Degree requirements vary with each program. For example, if your degree leads to a Master of Business Administration in Aviation, you might have a lot of business classes. Some master's degree programs require a thesis and have very detailed steps on how to successfully complete your program. Steps may involve selecting faculty you to work with and developing a plan and timeline for coursework and thesis work. Coursework is usually very specific to the aviation industry.

Some examples of courses include these:

  • Accounting and finance
  • Business policy
  • Economics
  • Management and marketing

Online Degree Options

Because working professionals are likely to be interested in this degree, many programs are flexible, and some offer master's degrees in aviation that can be completed entirely online. These online programs may include courses in subjects like airport systems and operations, aerospace technology, and safety management.

Getting Ahead With This Degree

Some master's degree programs allow you to choose an elective so you can focus your degree in one certain area. If you know you want to direct your career towards airport or airline management, you may want to choose a program that has these specializations available to you.

Technology is an important aspect of staying ahead in your career. Choosing a master's degree program that includes technology courses might be a good way to keep up with relevant technology and become more qualified for a better job position than someone with less technological knowledge.

PhD in Aviation

A Doctor of Philosophy in Aviation is similar to a master's degree in the sense that it is also geared towards those who already work in the field of aviation. If you are an aviation professional with at least a bachelor's or master's degree, have a high desire to learn more about the field of aviation and want to contribute to it by conducting original thesis research, then a PhD might be the degree that's best for you.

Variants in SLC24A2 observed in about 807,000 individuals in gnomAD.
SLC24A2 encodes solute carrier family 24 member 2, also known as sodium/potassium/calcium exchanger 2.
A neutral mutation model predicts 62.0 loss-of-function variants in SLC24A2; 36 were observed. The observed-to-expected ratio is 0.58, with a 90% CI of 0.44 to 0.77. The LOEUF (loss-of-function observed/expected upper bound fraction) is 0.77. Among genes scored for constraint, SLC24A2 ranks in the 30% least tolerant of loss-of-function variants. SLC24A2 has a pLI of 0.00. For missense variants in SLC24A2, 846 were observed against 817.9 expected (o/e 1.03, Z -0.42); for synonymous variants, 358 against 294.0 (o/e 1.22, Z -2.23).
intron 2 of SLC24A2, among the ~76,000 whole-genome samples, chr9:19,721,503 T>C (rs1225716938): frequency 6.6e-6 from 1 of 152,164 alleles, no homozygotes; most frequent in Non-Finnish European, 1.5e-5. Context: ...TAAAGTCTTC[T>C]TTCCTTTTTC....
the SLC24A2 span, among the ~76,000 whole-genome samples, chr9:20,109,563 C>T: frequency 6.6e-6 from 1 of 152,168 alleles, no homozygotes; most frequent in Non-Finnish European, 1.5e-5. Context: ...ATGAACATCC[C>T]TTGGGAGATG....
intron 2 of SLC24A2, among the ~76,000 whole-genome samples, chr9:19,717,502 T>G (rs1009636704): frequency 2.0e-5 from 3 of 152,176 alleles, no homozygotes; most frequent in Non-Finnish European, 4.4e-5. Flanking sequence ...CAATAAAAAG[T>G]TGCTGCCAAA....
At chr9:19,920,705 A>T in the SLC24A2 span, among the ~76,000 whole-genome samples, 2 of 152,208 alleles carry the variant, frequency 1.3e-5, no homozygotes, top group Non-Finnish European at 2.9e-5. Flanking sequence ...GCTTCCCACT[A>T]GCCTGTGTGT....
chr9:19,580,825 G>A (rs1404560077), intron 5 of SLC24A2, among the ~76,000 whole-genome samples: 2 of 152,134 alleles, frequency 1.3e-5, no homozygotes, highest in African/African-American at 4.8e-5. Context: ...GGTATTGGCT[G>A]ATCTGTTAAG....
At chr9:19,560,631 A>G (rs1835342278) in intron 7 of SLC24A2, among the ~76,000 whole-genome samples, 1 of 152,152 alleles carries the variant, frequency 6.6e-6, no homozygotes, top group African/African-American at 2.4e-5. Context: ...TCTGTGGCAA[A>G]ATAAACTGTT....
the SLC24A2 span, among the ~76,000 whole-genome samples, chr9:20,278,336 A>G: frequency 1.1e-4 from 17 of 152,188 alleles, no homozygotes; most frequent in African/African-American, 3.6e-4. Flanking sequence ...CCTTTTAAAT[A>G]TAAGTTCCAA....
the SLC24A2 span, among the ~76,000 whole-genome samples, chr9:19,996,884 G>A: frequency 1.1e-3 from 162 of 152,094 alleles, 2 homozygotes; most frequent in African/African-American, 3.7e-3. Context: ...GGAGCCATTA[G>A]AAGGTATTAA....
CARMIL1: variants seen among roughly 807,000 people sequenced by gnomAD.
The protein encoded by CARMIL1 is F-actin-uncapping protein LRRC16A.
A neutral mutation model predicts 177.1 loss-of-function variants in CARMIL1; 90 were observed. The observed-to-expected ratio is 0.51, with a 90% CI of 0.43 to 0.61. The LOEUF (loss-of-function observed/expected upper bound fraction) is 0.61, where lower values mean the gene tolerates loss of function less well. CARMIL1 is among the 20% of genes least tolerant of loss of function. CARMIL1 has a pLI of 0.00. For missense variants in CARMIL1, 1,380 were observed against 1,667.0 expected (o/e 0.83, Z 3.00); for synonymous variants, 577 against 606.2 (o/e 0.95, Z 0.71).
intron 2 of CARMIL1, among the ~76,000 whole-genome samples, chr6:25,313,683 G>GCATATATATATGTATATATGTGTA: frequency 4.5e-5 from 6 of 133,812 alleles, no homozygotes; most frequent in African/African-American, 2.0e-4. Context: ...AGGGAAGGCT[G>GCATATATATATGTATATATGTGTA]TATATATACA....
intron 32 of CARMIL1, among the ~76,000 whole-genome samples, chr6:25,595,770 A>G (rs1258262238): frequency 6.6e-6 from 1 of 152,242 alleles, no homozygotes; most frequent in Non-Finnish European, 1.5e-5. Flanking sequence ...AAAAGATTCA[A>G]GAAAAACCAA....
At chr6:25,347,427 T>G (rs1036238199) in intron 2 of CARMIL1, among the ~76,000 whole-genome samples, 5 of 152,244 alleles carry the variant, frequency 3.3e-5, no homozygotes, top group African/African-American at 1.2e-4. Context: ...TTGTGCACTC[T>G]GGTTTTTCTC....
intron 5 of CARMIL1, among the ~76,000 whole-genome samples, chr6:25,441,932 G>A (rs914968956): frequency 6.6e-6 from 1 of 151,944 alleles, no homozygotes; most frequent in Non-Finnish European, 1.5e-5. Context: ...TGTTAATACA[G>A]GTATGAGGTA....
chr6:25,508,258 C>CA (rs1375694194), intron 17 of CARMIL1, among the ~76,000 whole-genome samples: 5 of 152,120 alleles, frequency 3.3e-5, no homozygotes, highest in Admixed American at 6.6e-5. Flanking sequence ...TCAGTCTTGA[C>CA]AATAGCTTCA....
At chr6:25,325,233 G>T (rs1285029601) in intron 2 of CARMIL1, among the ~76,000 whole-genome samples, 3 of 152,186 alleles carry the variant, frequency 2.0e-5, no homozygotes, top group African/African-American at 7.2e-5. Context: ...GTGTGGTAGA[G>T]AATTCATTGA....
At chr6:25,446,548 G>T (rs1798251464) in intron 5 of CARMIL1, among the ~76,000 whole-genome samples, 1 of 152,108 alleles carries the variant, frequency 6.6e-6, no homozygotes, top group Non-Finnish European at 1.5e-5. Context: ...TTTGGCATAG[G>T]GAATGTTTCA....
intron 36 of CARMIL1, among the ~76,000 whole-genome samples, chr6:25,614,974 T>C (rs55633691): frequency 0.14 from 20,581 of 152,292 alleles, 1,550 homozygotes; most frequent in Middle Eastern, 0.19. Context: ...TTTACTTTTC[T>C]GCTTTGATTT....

Pros and Cons


  • Many programs are flexible so you can incorporate study into your existing work schedule
  • You might be able to apply a certain number of credits from your master's degree to your PhD
  • Your thesis research might advance the field of aviation


  • Some programs are extremely competitive
  • You might have to follow very strict guidelines during the thesis process
  • A PhD typically takes a longer amount of time to complete than a master's degree

Courses and Requirements

PhD programs usually consist of coursework, seminars, and a thesis. A residency might be a component of your program and will teach you relevant aviation issues, prepare you for your dissertation or thesis, and help you make connections with your faculty. These connections will be valuable to you when you decide what the subject of your research will be.

Coursework might include the following:

  • Data analysis and research methods
  • Economics
  • Legal issues in aviation
  • Safety management

Online Degree Options

PhD programs in aviation cater to working professionals, so online PhD programs do exist and provide a very thorough education. If your online degree program includes a residency requirement, you might have to be on campus to complete the residencies. The importance in this is that you will interact with faculty members who might eventually be the ones helping you with your thesis.

Stand Out With This Degree

Technology plays an important role in aviation, from electronics and computers in an aircraft cockpit to the computer systems in an air traffic control tower. Learning about how technology is currently used in your field might assist you in gaining a certain job position. You may learn about technology through coursework. If possible with the faculty you work with, you may also decide to make technology the focus of your thesis and learn through this route.